Date of Award
Doctor of Philosophy (PhD)
Materials Science & Engineering
Daniel S. Gianola
The reduced length scales inherent in nanoscale materials enable access to properties that are otherwise not achievable in bulk. The application of their novel structural and functional responses however is hindered by a lack of understanding of their mechanical behavior, which affects their assimilation into device fabrication as well as their reliability during performance. In contrast to bulk materials, nanoscale materials possess a non-negligible proportion of surface atoms, which can exert significant influence on the overall mechanical response. In addition, structures with small volumes can possess much lower defect densities, which could potentially be driven out of the volume instead of interacting and promoting traditional deformation behavior. Systematic experimental investigations will be crucial to developing the necessary understanding, although they remain challenging due to limited access to suitable test specimens and testing methodologies for directly extracting pertinent results. By employing a MEMS-based tensile testing system and a temperature-controlled cryostat configuration to test defect-free and -scarce Pd nanowhiskers, we have been able to systematically investigate some of the important deformation mechanisms in nanoscale single crystals.
We first address the elastic behavior in nanoscale crystals, which is predicted to differ from bulk behavior due to the reduced coordination of surface atoms. We measured size-dependent deviations from bulk elastic behavior in nanowhiskers with diameters as small as ~30 nm. In addition to size-dependent variations in Young's modulus in the small strain limit, we measured nonlinear elasticity at strains above ~1%. In addition to providing the first measurements of higher-order elasticity in Pd, our study shows that the elasticity response in Pd nanowhiskers can be attributed to higher-order elasticity in the bulk-like core upon being biased from its equilibrium configuration due to the role of surface stresses in small volumes. Comparison of the size-independent values of δ in our nanowhiskers with studies on bulk FCC metals lends further insight into the role of length scales on both elastic and plastic mechanical behavior.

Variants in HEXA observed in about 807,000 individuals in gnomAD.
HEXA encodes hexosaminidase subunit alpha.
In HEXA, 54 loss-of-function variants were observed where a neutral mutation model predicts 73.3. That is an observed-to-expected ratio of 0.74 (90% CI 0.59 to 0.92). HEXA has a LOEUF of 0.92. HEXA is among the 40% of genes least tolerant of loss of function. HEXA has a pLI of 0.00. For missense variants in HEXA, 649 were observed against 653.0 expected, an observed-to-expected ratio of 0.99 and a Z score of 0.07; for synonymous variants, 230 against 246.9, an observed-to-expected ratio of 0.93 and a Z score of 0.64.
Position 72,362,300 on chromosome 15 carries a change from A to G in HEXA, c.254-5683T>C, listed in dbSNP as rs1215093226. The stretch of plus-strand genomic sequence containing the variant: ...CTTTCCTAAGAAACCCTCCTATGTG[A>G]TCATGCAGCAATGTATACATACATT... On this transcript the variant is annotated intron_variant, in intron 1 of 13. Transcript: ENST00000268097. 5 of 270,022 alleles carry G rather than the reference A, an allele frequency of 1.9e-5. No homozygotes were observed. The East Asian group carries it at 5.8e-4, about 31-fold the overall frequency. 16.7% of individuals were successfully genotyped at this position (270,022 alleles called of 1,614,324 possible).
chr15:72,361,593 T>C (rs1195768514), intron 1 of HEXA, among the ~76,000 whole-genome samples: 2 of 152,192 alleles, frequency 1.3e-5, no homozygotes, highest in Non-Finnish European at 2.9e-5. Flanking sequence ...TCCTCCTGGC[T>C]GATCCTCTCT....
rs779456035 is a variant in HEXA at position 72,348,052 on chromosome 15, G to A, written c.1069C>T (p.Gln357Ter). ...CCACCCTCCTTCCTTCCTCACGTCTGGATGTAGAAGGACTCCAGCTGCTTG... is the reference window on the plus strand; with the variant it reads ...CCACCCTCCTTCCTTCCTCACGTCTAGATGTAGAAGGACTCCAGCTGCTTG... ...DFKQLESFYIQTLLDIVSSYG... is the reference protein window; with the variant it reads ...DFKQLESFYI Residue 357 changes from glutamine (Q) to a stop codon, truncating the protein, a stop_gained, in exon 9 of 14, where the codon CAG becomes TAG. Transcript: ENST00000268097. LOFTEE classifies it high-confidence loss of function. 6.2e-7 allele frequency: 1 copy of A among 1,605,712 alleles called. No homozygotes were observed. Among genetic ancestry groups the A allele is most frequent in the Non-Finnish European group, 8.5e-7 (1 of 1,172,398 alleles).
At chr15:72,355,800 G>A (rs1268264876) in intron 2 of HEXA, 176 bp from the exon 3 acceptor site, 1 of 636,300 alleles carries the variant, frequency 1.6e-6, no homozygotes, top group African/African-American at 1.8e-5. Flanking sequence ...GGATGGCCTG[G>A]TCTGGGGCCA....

We then consider incipient plasticity in nanoscale Pd nanowhiskers, which is governed not by the initial motion of pre-existing dislocations but rather the nucleation of dislocations. Whereas nucleation strengths are weakly size- and strain-rate-dependent, strong temperature dependence is uncovered, corroborating predictions that nucleation is assisted by thermal fluctuations. We measure activation volumes as small as singular atomic volumes, which explain both the ultrahigh athermal strength as well as the temperature-dependent scatter, evident in our experiments and well captured by a thermal activation model. Our experiments highlight the pronounced probabilistic nature of surface dislocation nucleation, which is crucial input to device design using nanoscale building blocks.
In total, this body of work demonstrates that distinctly different processes are responsible for the deformation behavior in small volumes and underscores the importance of comprehensive characterization of material properties at the relevant length scales.
Chen, Lisa YingYing, "Deformation Mechanisms in Pd Nanowhiskers" (2014). Publicly Accessible Penn Dissertations. 1236.